Can marriage ministry prosper without federal funds?

Christian News Northwest

VANCOUVER, Wash. — In 2006-07, a locally based marriage enrichment organization made national headlines because of legal action surrounding a federal grant it received.  That organization, Northwest Marriage Institute, in 2007 survived that legal challenge, and its director, Bob Whiddon, at the time gave total credit to God for the victory.  But now the institute faces another challenge — continuing its work now that the federal funding has expired.  “The five-year funding we received from the federal government has ended,” said Whiddon. “By October we will vacate our offices here in Orchards and will need a place out of which to work. We are hoping to find facilities at low cost or no cost to us.”
Whiddon said the goal is to continue to offer marriage classes, parenting classes and marriage/parenting workshops at little or no cost.
“We are praying that churches and other community organizations will host such events for us,” he said.
He said the institute has three part-time workers, including himself. He plans to continue to offer professional counseling and to guest preach at local churches to supplement his own income.
In 2007 a U.S. district court judge in Tacoma, Wash, dismissed a federal lawsuit that accused the Bush administration of violating the separation of church and state by funding Whiddon’s agency. U.S. District Judge Franklin D. Burgess ruled in a 15-page order that Americans United for Separation of Church and State failed to prove its claims against Northwest Marriage Institute.
Whiddon, who served as pulpit minister at the Eastside Church of Christ in Portland for nearly 10 years before starting the marriage institute in 2004, had maintained since the lawsuit’s filing that the organization was “squeaky clean in this matter.”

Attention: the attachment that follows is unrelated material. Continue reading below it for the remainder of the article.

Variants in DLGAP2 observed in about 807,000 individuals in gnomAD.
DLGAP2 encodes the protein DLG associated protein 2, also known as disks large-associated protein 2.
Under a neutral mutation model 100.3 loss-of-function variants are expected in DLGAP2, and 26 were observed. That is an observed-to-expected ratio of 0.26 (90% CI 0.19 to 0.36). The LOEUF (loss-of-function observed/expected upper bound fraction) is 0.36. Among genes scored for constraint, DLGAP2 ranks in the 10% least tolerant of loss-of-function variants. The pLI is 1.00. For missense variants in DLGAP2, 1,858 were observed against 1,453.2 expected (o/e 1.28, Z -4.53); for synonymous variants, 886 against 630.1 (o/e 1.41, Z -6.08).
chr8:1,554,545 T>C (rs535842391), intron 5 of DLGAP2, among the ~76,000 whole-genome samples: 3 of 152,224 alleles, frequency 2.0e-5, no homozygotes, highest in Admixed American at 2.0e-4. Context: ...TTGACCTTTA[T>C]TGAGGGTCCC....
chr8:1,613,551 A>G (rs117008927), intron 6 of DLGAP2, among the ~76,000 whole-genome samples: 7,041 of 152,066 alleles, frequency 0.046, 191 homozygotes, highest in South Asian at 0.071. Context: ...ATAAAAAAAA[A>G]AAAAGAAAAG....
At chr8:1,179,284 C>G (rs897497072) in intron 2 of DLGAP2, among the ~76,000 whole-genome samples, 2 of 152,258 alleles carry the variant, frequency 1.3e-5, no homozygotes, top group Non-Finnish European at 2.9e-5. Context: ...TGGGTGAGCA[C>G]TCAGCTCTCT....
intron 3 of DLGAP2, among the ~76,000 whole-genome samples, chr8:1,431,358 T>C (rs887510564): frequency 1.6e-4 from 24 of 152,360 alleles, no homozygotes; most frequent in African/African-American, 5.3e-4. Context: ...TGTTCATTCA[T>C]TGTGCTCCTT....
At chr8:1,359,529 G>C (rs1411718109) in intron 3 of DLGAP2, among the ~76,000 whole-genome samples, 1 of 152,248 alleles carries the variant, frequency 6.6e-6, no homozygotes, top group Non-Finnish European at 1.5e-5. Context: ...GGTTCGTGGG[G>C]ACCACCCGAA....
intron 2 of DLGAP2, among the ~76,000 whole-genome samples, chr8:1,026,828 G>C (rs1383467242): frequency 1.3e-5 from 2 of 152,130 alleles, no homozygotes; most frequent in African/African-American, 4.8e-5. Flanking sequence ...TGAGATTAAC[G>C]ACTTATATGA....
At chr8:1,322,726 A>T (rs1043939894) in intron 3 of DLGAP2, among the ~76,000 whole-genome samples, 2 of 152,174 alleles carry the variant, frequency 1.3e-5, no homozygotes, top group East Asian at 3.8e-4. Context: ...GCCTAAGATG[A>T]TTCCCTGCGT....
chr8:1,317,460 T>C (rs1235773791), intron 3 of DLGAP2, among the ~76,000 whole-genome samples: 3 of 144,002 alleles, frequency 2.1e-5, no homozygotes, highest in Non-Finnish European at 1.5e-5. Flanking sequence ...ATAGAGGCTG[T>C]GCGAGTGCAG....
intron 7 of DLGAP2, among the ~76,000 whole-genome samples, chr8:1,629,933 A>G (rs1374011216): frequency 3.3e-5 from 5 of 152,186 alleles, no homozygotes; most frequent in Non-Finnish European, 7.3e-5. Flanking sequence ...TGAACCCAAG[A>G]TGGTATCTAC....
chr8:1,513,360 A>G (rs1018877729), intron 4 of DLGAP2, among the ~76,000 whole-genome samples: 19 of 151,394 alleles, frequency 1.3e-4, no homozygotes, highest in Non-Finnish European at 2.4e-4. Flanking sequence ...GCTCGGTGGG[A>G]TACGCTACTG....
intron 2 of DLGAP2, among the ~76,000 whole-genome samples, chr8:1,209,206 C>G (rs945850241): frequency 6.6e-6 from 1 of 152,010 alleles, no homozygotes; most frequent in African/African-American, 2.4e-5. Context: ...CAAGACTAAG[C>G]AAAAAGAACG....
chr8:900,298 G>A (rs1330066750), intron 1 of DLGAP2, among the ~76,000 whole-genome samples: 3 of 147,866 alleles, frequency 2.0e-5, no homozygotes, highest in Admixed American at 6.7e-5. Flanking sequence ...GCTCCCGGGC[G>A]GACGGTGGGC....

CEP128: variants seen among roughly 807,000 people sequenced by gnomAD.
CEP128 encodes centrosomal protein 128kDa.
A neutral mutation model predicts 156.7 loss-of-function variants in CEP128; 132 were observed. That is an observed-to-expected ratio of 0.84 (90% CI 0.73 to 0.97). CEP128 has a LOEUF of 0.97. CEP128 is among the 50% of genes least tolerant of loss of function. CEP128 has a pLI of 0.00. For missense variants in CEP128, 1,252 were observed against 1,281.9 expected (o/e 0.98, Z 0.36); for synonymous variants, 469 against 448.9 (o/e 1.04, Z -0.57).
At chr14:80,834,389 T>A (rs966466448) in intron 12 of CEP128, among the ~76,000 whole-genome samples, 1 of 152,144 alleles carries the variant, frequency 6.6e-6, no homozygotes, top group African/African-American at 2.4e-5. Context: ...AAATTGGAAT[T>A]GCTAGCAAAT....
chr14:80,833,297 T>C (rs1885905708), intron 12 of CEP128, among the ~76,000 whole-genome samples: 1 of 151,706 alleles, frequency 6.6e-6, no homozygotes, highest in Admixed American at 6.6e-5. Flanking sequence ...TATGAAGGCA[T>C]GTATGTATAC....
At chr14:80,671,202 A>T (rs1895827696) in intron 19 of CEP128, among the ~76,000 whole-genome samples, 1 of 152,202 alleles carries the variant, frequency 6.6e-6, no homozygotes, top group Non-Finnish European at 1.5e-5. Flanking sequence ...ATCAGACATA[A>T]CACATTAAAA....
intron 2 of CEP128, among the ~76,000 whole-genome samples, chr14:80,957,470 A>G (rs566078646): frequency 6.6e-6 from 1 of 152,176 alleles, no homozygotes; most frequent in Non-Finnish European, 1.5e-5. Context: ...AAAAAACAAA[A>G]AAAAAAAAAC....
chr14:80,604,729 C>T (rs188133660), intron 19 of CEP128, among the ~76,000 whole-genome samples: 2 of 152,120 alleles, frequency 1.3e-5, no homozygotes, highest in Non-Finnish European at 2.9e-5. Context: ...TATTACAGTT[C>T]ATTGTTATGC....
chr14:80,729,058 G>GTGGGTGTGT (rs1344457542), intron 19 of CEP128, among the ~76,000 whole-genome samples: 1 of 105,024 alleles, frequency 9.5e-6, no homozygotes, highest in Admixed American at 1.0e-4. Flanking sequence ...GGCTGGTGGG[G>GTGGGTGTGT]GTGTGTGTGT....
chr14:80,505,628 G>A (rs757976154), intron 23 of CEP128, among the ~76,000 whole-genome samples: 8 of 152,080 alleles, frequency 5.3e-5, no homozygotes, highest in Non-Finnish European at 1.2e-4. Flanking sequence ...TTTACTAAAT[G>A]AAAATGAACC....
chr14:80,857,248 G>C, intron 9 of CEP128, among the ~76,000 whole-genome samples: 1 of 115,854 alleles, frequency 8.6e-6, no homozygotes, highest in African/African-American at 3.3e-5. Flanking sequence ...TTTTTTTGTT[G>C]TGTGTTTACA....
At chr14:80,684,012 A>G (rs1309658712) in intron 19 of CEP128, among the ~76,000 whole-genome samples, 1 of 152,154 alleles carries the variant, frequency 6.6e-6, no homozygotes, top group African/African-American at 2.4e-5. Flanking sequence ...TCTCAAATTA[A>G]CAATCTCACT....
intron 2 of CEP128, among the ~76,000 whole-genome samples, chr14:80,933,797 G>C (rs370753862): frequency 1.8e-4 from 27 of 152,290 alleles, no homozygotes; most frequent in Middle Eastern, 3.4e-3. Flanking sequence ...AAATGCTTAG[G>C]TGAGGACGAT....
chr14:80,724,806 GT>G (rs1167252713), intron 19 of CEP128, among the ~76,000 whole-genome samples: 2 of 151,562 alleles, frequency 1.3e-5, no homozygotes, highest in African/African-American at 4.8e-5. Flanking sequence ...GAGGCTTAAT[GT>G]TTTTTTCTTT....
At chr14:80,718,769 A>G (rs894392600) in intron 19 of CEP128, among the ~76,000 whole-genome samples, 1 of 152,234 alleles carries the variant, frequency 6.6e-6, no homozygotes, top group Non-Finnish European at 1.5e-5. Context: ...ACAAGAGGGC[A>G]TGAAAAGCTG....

The judge’s ruling came after what Whiddon described as a very stressful six months for him and the organization, whose supporters include congregations and individual members.
Americans United, a political watchdog group, had claimed that the Northwest Marriage Institute used federal money to provide “Bible-based” marriage education, alegedly violating the constitutional prohibition against government advancement of religion.
Along with the marriage institute, the lawsuit named Health and Human Services Secretary Michael Leavitt as a defendant. The Alliance Defense Fund, a Christian legal services agency based in Scottsdale, Ariz., offered free legal representation to the institute.
But the case took an emotional toll on Whiddon, who maintained all along that the allegations were false. The lawsuit generated widespread media coverage. The institute laid bare all of its financial records, e-mail records, curriculum and newsletters and disclosed donors, its current work and any future work in progress.
In his ruling, the judge noted that the institute was loosely organized in June 2004 to provide biblical marriage counseling but noted that the programs funded through the federal grant were not explicitly Bible-based. Northwest Marriage Institute was seeking to provide a service available to all people regardless of their beliefs.
Whiddon said the goal is to have new funding in place by Oct. 1 so as to continue the institute’s work, which is often done in partnership with such ministries as MarriageTeam, which provides marriage coaching, and Restored & Remarried, which provides special help to remarried couples, and with other religious and community groups.
“We are way too involved in building healthy marriages to stop now,” Whiddon said.
Whiddon holds a doctorate in Biblical counseling from Trinity Theological Seminary in Indiana, as well as a doctorate in pastoral ministry from Northwest Graduate School in Seattle. He is a licensed clinical pastoral counselor and certified temperament counselor with the National Christian Counselors Asso-ciation, is a licensed minister of pastor counseling in the Florida-based National Conservative Christian Church and has 33 years experience in ministry and counseling.
For more information on the institute or how to help support its programs, phone 360-260-1100, send e-mail to [email protected], or go to

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